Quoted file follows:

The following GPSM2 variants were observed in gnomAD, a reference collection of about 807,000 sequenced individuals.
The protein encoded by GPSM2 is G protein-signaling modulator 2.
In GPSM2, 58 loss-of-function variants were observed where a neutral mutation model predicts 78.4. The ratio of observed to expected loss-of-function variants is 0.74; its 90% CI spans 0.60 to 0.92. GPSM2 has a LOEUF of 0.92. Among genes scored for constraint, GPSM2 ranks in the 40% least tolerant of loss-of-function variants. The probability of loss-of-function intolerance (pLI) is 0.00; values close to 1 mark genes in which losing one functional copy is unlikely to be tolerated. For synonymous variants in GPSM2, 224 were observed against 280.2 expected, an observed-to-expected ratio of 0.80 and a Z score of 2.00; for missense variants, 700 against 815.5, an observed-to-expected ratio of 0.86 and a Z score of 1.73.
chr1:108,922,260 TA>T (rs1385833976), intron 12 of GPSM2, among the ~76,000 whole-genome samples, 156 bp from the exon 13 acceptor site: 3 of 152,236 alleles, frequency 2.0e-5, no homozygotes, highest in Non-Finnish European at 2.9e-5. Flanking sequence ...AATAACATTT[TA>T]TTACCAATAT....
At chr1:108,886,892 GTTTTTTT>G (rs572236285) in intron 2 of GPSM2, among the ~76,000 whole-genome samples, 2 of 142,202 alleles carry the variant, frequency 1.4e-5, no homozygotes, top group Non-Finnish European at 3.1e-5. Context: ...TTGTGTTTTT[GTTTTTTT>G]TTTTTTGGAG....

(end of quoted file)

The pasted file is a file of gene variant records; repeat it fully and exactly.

The following GPSM2 variants were observed in gnomAD, a reference collection of about 807,000 sequenced individuals.
The protein encoded by GPSM2 is G protein-signaling modulator 2.
In GPSM2, 58 loss-of-function variants were observed where a neutral mutation model predicts 78.4. The ratio of observed to expected loss-of-function variants is 0.74; its 90% CI spans 0.60 to 0.92. GPSM2 has a LOEUF of 0.92. Among genes scored for constraint, GPSM2 ranks in the 40% least tolerant of loss-of-function variants. The probability of loss-of-function intolerance (pLI) is 0.00; values close to 1 mark genes in which losing one functional copy is unlikely to be tolerated. For synonymous variants in GPSM2, 224 were observed against 280.2 expected, an observed-to-expected ratio of 0.80 and a Z score of 2.00; for missense variants, 700 against 815.5, an observed-to-expected ratio of 0.86 and a Z score of 1.73.
chr1:108,922,260 TA>T (rs1385833976), intron 12 of GPSM2, among the ~76,000 whole-genome samples, 156 bp from the exon 13 acceptor site: 3 of 152,236 alleles, frequency 2.0e-5, no homozygotes, highest in Non-Finnish European at 2.9e-5. Flanking sequence ...AATAACATTT[TA>T]TTACCAATAT....
At chr1:108,886,892 GTTTTTTT>G (rs572236285) in intron 2 of GPSM2, among the ~76,000 whole-genome samples, 2 of 142,202 alleles carry the variant, frequency 1.4e-5, no homozygotes, top group Non-Finnish European at 3.1e-5. Context: ...TTGTGTTTTT[GTTTTTTT>G]TTTTTTGGAG....